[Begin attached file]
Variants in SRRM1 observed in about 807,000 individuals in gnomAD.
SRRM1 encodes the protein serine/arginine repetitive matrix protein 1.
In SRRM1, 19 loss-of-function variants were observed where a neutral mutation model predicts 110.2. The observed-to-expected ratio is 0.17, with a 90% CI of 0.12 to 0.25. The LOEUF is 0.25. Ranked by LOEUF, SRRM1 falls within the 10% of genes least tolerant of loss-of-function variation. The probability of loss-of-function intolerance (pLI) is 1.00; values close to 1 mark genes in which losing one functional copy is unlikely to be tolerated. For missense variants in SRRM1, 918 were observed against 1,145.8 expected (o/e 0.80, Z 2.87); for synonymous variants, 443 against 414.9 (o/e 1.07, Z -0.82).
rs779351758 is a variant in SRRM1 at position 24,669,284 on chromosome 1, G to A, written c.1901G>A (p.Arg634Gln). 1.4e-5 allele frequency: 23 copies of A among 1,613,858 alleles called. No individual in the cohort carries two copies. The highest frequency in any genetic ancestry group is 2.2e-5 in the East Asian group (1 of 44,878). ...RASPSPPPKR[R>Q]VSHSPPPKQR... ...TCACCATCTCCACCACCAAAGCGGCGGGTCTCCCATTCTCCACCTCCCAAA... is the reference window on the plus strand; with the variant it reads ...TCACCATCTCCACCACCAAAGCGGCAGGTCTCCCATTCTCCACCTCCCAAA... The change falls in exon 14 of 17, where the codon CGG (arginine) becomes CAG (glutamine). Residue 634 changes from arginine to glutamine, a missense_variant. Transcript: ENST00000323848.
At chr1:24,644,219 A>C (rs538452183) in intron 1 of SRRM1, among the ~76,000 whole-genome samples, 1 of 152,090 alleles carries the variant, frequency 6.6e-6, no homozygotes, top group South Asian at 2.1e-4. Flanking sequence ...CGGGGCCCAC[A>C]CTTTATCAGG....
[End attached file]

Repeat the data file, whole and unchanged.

Variants in SRRM1 observed in about 807,000 individuals in gnomAD.
SRRM1 encodes the protein serine/arginine repetitive matrix protein 1.
In SRRM1, 19 loss-of-function variants were observed where a neutral mutation model predicts 110.2. The observed-to-expected ratio is 0.17, with a 90% CI of 0.12 to 0.25. The LOEUF is 0.25. Ranked by LOEUF, SRRM1 falls within the 10% of genes least tolerant of loss-of-function variation. The probability of loss-of-function intolerance (pLI) is 1.00; values close to 1 mark genes in which losing one functional copy is unlikely to be tolerated. For missense variants in SRRM1, 918 were observed against 1,145.8 expected (o/e 0.80, Z 2.87); for synonymous variants, 443 against 414.9 (o/e 1.07, Z -0.82).
rs779351758 is a variant in SRRM1 at position 24,669,284 on chromosome 1, G to A, written c.1901G>A (p.Arg634Gln). 1.4e-5 allele frequency: 23 copies of A among 1,613,858 alleles called. No individual in the cohort carries two copies. The highest frequency in any genetic ancestry group is 2.2e-5 in the East Asian group (1 of 44,878). ...RASPSPPPKR[R>Q]VSHSPPPKQR... ...TCACCATCTCCACCACCAAAGCGGCGGGTCTCCCATTCTCCACCTCCCAAA... is the reference window on the plus strand; with the variant it reads ...TCACCATCTCCACCACCAAAGCGGCAGGTCTCCCATTCTCCACCTCCCAAA... The change falls in exon 14 of 17, where the codon CGG (arginine) becomes CAG (glutamine). Residue 634 changes from arginine to glutamine, a missense_variant. Transcript: ENST00000323848.
At chr1:24,644,219 A>C (rs538452183) in intron 1 of SRRM1, among the ~76,000 whole-genome samples, 1 of 152,090 alleles carries the variant, frequency 6.6e-6, no homozygotes, top group South Asian at 2.1e-4. Flanking sequence ...CGGGGCCCAC[A>C]CTTTATCAGG....